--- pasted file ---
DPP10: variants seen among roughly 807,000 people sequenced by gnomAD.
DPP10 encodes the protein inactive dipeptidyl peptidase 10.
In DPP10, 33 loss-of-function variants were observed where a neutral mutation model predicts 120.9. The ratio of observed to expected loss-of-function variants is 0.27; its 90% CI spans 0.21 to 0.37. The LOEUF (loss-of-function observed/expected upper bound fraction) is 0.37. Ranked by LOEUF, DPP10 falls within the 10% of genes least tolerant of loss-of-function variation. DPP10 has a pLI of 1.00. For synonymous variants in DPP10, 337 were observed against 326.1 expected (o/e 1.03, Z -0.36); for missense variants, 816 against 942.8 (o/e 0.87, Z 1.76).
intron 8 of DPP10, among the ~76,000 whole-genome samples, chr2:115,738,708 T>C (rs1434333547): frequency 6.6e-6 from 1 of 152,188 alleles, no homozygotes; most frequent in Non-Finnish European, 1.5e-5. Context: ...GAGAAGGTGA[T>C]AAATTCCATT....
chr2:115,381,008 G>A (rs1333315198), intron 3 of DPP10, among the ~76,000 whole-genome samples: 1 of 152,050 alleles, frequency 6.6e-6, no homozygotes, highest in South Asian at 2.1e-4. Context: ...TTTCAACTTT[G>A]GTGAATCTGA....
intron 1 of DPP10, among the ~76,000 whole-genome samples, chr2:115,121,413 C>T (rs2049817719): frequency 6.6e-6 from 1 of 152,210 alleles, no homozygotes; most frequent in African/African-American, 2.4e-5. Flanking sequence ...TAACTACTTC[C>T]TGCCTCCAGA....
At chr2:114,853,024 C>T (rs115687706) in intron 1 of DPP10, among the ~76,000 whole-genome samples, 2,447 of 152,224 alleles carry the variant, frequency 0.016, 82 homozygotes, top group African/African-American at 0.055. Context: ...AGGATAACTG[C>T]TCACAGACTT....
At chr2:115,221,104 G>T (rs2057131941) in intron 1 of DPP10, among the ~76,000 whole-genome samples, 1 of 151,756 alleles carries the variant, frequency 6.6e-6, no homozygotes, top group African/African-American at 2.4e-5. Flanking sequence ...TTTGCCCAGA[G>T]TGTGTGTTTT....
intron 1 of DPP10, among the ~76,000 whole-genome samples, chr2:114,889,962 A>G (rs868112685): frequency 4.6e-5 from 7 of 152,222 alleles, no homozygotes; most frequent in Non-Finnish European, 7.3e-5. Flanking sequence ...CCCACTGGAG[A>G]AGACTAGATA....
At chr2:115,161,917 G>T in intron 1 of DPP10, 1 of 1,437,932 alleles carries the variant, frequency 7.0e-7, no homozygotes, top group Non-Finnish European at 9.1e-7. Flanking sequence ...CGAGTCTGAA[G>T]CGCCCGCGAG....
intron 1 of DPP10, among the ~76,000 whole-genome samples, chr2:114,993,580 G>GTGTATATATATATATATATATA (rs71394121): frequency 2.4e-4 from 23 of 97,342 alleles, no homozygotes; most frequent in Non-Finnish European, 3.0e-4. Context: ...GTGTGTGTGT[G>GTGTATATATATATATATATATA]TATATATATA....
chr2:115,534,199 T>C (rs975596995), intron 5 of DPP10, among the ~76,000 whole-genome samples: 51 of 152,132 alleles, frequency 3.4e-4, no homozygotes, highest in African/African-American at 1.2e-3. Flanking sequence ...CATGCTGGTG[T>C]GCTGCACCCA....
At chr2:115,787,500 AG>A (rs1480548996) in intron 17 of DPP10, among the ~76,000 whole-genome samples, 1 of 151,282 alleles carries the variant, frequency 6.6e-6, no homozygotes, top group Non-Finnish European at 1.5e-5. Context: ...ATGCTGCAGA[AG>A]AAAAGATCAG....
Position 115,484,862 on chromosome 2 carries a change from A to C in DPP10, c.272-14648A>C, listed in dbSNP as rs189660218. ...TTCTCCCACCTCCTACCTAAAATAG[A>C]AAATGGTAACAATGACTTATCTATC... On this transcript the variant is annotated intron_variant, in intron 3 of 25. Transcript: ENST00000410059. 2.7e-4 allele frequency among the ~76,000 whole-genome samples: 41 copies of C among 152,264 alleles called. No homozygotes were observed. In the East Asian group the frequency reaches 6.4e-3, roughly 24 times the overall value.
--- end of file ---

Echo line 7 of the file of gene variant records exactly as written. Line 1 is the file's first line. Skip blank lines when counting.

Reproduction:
At chr2:114,853,024 C>T (rs115687706) in intron 1 of DPP10, among the ~76,000 whole-genome samples, 2,447 of 152,224 alleles carry the variant, frequency 0.016, 82 homozygotes, top group African/African-American at 0.055. Context: ...AGGATAACTG[C>T]TCACAGACTT....